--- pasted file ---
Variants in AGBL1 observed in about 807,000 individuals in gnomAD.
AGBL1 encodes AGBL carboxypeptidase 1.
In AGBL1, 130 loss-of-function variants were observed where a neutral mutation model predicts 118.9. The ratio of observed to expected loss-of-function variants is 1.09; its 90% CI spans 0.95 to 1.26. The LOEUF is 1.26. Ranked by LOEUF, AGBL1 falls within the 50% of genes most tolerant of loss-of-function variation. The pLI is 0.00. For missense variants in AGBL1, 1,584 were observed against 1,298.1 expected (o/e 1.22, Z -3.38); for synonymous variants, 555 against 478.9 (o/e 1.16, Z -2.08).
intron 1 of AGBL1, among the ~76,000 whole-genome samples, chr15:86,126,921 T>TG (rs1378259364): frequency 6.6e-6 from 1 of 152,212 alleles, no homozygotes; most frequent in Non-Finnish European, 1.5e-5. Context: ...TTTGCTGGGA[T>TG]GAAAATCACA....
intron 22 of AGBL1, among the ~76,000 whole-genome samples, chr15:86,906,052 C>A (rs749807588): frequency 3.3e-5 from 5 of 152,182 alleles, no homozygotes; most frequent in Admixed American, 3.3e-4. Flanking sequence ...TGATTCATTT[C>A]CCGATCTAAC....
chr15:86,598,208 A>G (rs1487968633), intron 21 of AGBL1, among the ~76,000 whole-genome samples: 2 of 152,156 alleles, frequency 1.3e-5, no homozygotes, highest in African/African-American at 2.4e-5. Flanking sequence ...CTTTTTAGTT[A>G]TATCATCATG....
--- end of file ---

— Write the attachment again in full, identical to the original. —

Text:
Variants in AGBL1 observed in about 807,000 individuals in gnomAD.
AGBL1 encodes AGBL carboxypeptidase 1.
In AGBL1, 130 loss-of-function variants were observed where a neutral mutation model predicts 118.9. The ratio of observed to expected loss-of-function variants is 1.09; its 90% CI spans 0.95 to 1.26. The LOEUF is 1.26. Ranked by LOEUF, AGBL1 falls within the 50% of genes most tolerant of loss-of-function variation. The pLI is 0.00. For missense variants in AGBL1, 1,584 were observed against 1,298.1 expected (o/e 1.22, Z -3.38); for synonymous variants, 555 against 478.9 (o/e 1.16, Z -2.08).
intron 1 of AGBL1, among the ~76,000 whole-genome samples, chr15:86,126,921 T>TG (rs1378259364): frequency 6.6e-6 from 1 of 152,212 alleles, no homozygotes; most frequent in Non-Finnish European, 1.5e-5. Context: ...TTTGCTGGGA[T>TG]GAAAATCACA....
intron 22 of AGBL1, among the ~76,000 whole-genome samples, chr15:86,906,052 C>A (rs749807588): frequency 3.3e-5 from 5 of 152,182 alleles, no homozygotes; most frequent in Admixed American, 3.3e-4. Flanking sequence ...TGATTCATTT[C>A]CCGATCTAAC....
chr15:86,598,208 A>G (rs1487968633), intron 21 of AGBL1, among the ~76,000 whole-genome samples: 2 of 152,156 alleles, frequency 1.3e-5, no homozygotes, highest in African/African-American at 2.4e-5. Flanking sequence ...CTTTTTAGTT[A>G]TATCATCATG....